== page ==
Shelton, currently 548 in the ATP rankings, has a wild card into the ATP Challenger 100 in Little Rock, which begins Monday, but his participation in that tournament and in the US Open this August does not preclude a return to Florida for his junior year.

"My plans are to come back," said Shelton, who returned to Gainesville Saturday afternoon on the University of Florida's private jet to repack his bags before heading to Little Rock. "I hope to play a lot of pro tournaments this summer, and we'll see what happens, but right now I have no plans to leave, I'm still a Gator. I've got time."

Florida head coach Bryan Shelton also expects his son to return for the 2022-23 season.

"He's having an amazing experience at Florida," said Shelton, who reached 55 in the ATP rankings in 1992. "It's more than just the tennis, it's the academics, the social part, which he loves, the balance of all that. Professional tennis is awesome and it's amazing, but there's a lot things that go along with that as well. We value education, we value teamwork, we value the things he's receiving at the University of Florida. To see his progression from a year ago to this year, the jump he's made, we won't look too far into the future, but he's committed to coming back to school and continuing to be a big part of college tennis."

The ten-day tournament concluded Saturday afternoon with the North Carolina State women and the Texas men claiming the doubles championships.

Top seeds Jaeda Daniel and Nell Miller had already made history by reaching the final as the first team in program history to do so; after a 6-2, 7-5 victory over the unseeded Miami team of Daevenia Achong and Eden Richardson, the 2018 NCAA doubles champion playing for LSU, they are now the program's first NCAA champions.

Daniel, a graduate student from Pennsylvania, and Miller, a senior from England, had their share of tough matches during the week, but came through them all.

"All the tough matches we've had to get to the final have really prepared us for that time when we knew, ok, everything's on the line here," Daniel said. "We handled it the way we know how and it's really about being together in that moment."

Miller, who joined the Wolfpack in January after transferring from Texas Tech, said the path to the title was occasionally a rocky one.

"It's just been phenomenal, no matter what happens, we've always been there, ups and downs, and we've had a few downs," Miller said. "We've had some rough matches, but no matter what, we got back on that court and everything we've done leading up to this has really helped."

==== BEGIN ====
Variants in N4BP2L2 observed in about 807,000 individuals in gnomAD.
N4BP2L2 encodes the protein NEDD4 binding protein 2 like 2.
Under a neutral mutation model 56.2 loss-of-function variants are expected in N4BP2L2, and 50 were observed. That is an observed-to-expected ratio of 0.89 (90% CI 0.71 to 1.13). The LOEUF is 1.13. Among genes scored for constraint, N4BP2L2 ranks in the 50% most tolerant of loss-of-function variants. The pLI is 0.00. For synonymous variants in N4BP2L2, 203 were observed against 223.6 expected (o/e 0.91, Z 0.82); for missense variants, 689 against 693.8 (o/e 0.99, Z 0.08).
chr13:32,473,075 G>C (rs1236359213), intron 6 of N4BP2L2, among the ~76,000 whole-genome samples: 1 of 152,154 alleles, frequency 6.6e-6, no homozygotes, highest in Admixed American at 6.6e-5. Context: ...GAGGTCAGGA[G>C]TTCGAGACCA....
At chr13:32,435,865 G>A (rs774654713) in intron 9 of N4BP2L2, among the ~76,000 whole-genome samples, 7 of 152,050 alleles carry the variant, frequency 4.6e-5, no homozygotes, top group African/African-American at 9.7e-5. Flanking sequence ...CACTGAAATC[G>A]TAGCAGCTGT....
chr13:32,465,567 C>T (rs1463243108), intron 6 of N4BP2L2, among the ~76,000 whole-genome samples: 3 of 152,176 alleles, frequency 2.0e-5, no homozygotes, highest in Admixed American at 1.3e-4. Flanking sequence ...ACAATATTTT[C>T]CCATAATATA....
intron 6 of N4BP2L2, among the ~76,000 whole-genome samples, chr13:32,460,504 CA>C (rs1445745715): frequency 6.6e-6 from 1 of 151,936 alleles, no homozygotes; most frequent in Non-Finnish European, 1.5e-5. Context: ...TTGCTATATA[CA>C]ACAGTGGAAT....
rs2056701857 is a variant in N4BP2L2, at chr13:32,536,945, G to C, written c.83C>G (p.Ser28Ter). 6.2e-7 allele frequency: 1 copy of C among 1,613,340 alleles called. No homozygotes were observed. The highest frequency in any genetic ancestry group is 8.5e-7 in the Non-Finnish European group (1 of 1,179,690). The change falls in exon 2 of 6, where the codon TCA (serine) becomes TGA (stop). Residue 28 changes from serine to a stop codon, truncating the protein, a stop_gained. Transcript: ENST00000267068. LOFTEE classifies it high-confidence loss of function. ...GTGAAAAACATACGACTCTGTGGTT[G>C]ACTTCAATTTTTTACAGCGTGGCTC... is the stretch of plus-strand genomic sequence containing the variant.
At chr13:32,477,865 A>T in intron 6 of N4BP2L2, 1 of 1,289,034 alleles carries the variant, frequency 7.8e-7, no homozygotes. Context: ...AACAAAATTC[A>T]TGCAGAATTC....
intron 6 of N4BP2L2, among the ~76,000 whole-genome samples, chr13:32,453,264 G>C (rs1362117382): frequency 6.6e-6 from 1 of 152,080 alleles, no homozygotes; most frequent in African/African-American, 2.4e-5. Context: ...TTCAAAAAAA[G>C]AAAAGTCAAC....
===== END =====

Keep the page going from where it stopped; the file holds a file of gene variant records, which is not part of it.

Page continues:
"It's hard to put into words," Daniel said of their historic first for the NC State program. "It's so exciting and it's nice to see the work and the time and the struggle pay off at some point, and I feel like that's how this tournament has been for us."

Miller plans to return to NC State for her fifth year, while Daniel will begin playing on the professional circuit.

Six championships were on the line during the 10-day tournament, and the University of Texas collected half of them, with the women's team and singles and finally, the men's doubles, won by Cleeve Harper and Richard Ciamarra.

Harper and Ciamarra, the No. 3 seeds, defeated No. 2 seeds Robert Cash and Matej Vocel 5-7, 6-4, 10-7 to spoil the Buckeyes attempt to collect all three collegiate majors in a season.

Harper, a redshirt sophomore, and Ciamarra, a graduate student, said that Stearns and the women's team inspired them during their run to the title.

"We just tried to do our part on the men's side," said Harper, from Alberta Canada. "Luckily we were able to get it done today."

"Peyton's unbelievable, what a player," said Ciamarra, a Connecticut resident who transferred from Notre Dame for this season. "I'm so happy for her, for the women to get the championship back-to-back. All around a good year for Texas tennis."

Harper and Ciamarra started slowly in the match tiebreaker, going down 3-0 before taking six of the next seven points. Ohio State, down a mini-break, got it back for 7-7, but Harper and Ciamarra won the final three points to claim the title. The point that ended it was a long tense one, concluding with Ciamarra's blistering forehand winner up the middle.

"In a 10-point breaker, it's anyone's game, so you have to bring the energy," Harper said. "We do that well and we were able to come out on top. All year he's just been cracking forehands and I knew it was going to be a good one. I was just trying to scrap out some balls to get him a good shot there and luckily I was able to."

Harper and Ciamarra are the first men's doubles champions at Texas since Lloyd Glasspool and Søren Hess-Olesen won the title in 2015.

Links to the draws can be found at the University of Illinois tournament page.

The junior championships at Roland Garros begin Sunday in Paris, with eight US boys and seven US girls in the draw. Twelve play their first round matches Sunday:  Bruno Kuzuhara[1], Alex Michelsen, Michael Zheng, Victor Lilov[12], Cooper Williams, Nicholas Godsick, Sonya Macavei[Q], Mia Slama, Liv Hovde[6], Qavia Lopez[15], Alexis Blokhina and Kaitlin Quevedo[Q].   

Nishesh Basavareddy[5], Ozan Colak and Ahmani Guichard[SE] are not on Sunday's schedule.